Is Delaware prepared for a hurricane?

Hurricane Florence Nears the East Coast
Courtesy of NOAA Satellites
Natural disasters like Hurricane Florence are often studied by the University of Delaware Disaster Research Center (DRC)

Senior Reporter

Just imagine the state of Delaware experiencing a hurricane event with close to forty inches of rain, 105 mph wind gusts and ten foot storm surges.

That is what the Carolinas with Hurricane Florence wreaking havoc. According to Reuters, over 1 million people on the coasts of the Carolinas and Virginia were ordered to evacuate.

Such natural disasters like Hurricane Florence are often studied by the University of Delaware Disaster Research Center (DRC).

Beginning in 1963, it is the oldest center in the world that specializes in social science and disaster management. The center was first stationed at Ohio State University and then transitioned to Delaware in the middle of the 1980s.

There is varying criteria that the Disaster Research Center team often looks at in order to decide whether to go to the site of a disaster. The team deems a trip worthy if they can learn from an event, advance science or gain advice on future practices, Professor Tricia Wachtendorf said.

“Sometimes we think of a large disaster, think of one response and focus on meeting immediate needs,” Wachtendorf said. “We can’t think of extra things to do. That is not the best approach. We can anticipate ahead of time, people are going to experience disasters in different ways.”

She went on to state that students would face several factors, even in ordinary storms, depending on campus living arrangements, whether the student has a car or a place to store supplies.

It was evident with Hurricane Irene, where the Roth Bridge over the Chesapeake & Delaware Canal closed once winds reached a sustained 50 miles per hour.

Delaware would need, at most, 36 hours to evacuate the area.

The optimal scenario would be to “get people on the roads and moving before the rain starts,” Gary Laing, a spokesman for Delaware Emergency Management Agency (DEMA), told The News Journal in 2016.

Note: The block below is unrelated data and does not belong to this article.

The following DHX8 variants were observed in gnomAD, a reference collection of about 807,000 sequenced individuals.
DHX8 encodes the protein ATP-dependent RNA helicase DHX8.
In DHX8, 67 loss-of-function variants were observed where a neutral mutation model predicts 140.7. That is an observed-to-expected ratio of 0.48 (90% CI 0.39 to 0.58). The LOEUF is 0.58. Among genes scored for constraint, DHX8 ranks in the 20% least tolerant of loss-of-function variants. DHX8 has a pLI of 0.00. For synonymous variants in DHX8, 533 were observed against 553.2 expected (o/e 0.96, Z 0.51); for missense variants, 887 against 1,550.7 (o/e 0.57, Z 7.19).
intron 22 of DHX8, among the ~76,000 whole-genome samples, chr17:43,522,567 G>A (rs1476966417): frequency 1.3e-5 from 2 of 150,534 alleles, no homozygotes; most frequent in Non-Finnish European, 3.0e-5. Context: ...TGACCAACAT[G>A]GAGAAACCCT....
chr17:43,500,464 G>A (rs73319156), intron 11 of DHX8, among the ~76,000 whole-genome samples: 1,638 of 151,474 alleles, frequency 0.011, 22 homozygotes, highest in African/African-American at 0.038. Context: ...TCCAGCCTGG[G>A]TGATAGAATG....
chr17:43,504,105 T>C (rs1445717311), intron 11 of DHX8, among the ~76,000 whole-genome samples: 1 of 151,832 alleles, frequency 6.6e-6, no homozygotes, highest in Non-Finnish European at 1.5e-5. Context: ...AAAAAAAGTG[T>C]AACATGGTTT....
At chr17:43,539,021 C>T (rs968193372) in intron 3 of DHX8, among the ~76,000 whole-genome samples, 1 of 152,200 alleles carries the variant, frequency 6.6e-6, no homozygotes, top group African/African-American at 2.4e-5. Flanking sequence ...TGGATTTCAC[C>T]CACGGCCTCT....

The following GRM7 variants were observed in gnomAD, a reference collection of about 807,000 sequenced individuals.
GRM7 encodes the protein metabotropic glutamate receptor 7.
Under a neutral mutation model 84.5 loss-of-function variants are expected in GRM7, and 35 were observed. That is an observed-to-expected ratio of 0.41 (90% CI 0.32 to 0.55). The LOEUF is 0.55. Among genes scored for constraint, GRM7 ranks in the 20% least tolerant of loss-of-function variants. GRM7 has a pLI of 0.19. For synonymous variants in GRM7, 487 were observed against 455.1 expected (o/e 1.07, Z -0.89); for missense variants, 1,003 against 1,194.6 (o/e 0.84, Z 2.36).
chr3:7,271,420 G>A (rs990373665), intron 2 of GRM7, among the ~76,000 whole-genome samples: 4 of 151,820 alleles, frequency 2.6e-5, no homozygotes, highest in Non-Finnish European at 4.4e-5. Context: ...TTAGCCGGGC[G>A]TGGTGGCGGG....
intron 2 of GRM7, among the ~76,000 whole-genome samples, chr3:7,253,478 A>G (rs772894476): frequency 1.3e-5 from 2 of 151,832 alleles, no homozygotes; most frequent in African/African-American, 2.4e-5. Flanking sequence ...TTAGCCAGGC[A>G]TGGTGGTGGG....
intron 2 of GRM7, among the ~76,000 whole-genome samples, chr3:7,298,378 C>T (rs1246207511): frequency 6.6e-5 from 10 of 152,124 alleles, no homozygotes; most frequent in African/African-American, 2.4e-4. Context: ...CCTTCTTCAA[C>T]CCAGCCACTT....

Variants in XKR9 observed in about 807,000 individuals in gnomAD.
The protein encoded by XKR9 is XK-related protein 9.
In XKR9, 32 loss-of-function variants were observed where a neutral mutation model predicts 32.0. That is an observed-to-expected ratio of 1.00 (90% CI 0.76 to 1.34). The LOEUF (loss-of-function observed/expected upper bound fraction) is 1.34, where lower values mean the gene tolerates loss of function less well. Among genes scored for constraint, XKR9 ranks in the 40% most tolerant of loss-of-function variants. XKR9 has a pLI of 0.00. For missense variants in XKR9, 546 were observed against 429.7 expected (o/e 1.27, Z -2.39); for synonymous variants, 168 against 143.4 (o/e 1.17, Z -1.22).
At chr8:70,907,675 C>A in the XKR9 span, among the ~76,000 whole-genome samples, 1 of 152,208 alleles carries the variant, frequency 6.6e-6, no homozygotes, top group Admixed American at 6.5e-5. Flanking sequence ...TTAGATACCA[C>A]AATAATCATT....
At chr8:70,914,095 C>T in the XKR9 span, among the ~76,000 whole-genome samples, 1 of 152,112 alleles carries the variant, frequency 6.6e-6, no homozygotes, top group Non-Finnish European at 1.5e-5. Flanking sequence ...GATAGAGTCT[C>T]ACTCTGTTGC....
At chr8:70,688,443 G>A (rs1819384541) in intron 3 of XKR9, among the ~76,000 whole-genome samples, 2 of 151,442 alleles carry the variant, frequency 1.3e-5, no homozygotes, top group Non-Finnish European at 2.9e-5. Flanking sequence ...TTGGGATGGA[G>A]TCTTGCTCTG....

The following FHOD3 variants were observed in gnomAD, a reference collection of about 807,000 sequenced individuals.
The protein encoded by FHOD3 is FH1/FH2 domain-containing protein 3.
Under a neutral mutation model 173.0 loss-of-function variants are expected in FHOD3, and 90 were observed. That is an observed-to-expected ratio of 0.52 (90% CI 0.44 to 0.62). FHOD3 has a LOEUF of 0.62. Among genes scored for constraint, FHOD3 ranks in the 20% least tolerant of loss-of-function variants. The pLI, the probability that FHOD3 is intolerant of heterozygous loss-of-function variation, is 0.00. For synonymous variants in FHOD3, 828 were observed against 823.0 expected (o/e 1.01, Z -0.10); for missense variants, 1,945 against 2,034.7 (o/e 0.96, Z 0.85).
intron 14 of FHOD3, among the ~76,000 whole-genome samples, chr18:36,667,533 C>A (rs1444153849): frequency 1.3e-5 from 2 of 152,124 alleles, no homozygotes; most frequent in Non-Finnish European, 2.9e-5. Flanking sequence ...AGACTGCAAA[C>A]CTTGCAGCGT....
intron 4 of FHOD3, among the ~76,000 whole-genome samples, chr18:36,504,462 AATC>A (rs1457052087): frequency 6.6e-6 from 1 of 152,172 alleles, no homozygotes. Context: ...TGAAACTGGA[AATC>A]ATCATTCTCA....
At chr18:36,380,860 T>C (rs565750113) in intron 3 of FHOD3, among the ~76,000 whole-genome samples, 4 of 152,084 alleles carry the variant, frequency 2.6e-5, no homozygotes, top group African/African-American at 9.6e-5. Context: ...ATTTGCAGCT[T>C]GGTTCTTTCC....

There have been civilian groups such as the Cajun Navy that have sprung into action with recent hurricanes dating to Hurricane Katrina, with as many as 310 volunteers that have mobilized to combat Hurricane Florence.

“The winds were so high, we couldn’t get [the boats] in there because the winds were toppling them and it was making it unsafe for us, so we had to use a couple of air mattresses and float people out,” Todd Tyrell, the founder of Cajun Navy, said to ABC News.

Wachtendorf sees such spontaneous action increasing in disasters.

“Understand that emergency management and disaster response involves public officials, firefighters, and public officers,” Wachtendorf said. “But also involves all of us, that we all have different capacities that we can bring in and be apart of that response and part of helping our neighbors when trouble happens.”
This can be seen especially seen in some cities that were caught off-guard by the downgrade in the category of Hurricane Florence, where neighbors helped each other to safety.

“As a meteorologist we want to convey that category of hurricane is not indicative of the impacts,” Dacey said. “Category only refers to the wind.

“Greatest threat could potentially be a big rainfall inland. Where you might not necessarily expect it. However they have also had the wettest year on record in that location right now.”
Both Wachtendorf and Dacey pointed out how the Carolinas’ soil is already saturated and could potentially contribute to further damage.

Dacey also mentioned that Hurricanes Harvey and Florence both have the attribute of losing momentum and siting over one area for an extended period of time. He stated that this was due to a lack of troughs from the jet stream that would normally move such a storm. Meteorologists can often use climatology to predict such events during hurricane season.

“This is the most active time, and it is living up to its name,” Dacey said.

Whether Delaware will ever face such a storm remains to be seen, but that does not mean we should not plan for it as Wachtendorf stated.

“Then the actual cost both in terms of financial cost and personal cost is much higher than in the long run,” Wachtendorf said.

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